Browsing by Author "Ervin, David"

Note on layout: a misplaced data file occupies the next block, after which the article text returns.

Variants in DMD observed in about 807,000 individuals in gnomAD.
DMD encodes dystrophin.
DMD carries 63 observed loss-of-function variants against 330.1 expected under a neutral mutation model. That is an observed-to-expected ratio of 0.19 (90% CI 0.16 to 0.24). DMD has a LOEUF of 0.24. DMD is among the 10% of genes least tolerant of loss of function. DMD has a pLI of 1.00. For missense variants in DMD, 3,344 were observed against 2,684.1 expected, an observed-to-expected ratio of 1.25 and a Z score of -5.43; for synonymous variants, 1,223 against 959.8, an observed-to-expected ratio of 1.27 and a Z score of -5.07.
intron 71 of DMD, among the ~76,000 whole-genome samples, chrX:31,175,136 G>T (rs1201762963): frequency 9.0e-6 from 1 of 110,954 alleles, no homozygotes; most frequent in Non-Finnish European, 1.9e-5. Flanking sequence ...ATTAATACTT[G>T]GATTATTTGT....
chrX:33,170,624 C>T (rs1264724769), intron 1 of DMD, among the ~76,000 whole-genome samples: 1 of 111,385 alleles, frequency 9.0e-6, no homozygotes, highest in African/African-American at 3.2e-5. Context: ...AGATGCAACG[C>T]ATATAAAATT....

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ItemA community-engaged approach to transdisciplinary doctoral training in urban ecosystem services(Springer Nature Switzerland AG., 2020-02-27) Chang, Heejun; Granek, Elise F.; Ervin, David; Yeakley, Alan; Dujon, Veronica; Shandas, VivekCommunity-based projects with inclusive stakeholder engagement are increasingly important to achieve robust outcomes in the science and management of ‘wicked’ urban ecosystem service challenges. We summarize lessons learned from a transdisciplinary, team-based doctoral education program that engaged students in research on such multi-stakeholder, complex problems. The key lessons are (a) problem-based projects foster active student engagement and accelerate transdisciplinary analysis, (b) problems addressing more acute interventions by public or private organizations enable learning by clearly delineating the issues and revealing the goals and perspectives of varied stakeholders, (c) successful projects that address wicked problems require that transdisciplinary teams begin from inception to robustly frame research questions with multiple lenses and choose appropriate theories and methods to implement projects, (d) regular stakeholder engagement leads to mutually meaningful project outcomes that advance scholarly frontiers for university researchers and provide relevant solutions for community partners, and (e) university administrative investment in program faculty, students, and staff and flexibility to reward innovative collaborations across disciplinary boundaries are keys to facilitate success in transdisciplinary education. Our lessons provide guidance both for addressing wicked problems through research projects in general and for formulating transdisciplinary training approaches for graduate education. ItemGrowing Cities Depend on Ecosystem Services(Solutions for a Sustainable and Desirable Future, 2011) Ervin, David; Brown, Darrell; Chang, Heejun; Dujon, Veronica; Granek, Elise; Shandas, Vivek; Yeakley, AllenMany studies have documented the growing fragility of a majority of the globe’s ecosystems. Policymakers and resource managers often frame such ecosystem challenges as primarily about protecting natural systems in rural areas. However, that conception misses a key part of the story: the rapid growth of urbanizing areas. Home to more than 50 percent of the world’s human population for the first time in modern history, urbanizing regions concentrate pressure on ecosystem services, which are necessary to sustain healthy urban living conditions and vibrant commerce. This dramatic urbanization presents both challenges and opportunities for novel ecosystem services management. A transdisciplinary framework is needed to discover innovative solutions to these wicked problems because they involve complex linkages between natural and human systems that transcend any single discipline. The framework should integrate natural and social sciences with stakeholders’ intimate knowledge of ecosystem services and urban systems. Here we describe such a framework for training scientists and managers and present four novel cases that illustrate ecosystem management solutions for urbanizing areas. ItemValuing ecological systems and services(F1000, 2011) Costanza, Robert; Kubiszewski, Ida; Ervin, David; Bluffstone, Randy; Boyd, James; Brown, Darrell; Chang, Heejun; Dujon, Veronica; Granek, Elise; Polasky, Stephen; Shandas, Vivek; Yeakley, J. AlanMaking trade-offs between ecological services and other contributors to human well-being is a difficult but critical process that requires valuation. This allows both better recognition of the ecological, social, and economic trade-offs and also allows us to bill those who use up or destroy ecological services and reward those that produce or enhance them. It also aids improved ecosystems policy. In this paper we clarify some of the controversies in defining the contributions to human well-being from functioning ecosystems, many of which people are not even aware of. We go on to describe the applicability of the various valuation methods that can be used in estimating the benefits of ecosystem services. Finally, we describe some recent case studies and lay out the research agenda for ecosystem services analysis, modeling, and valuation going forward.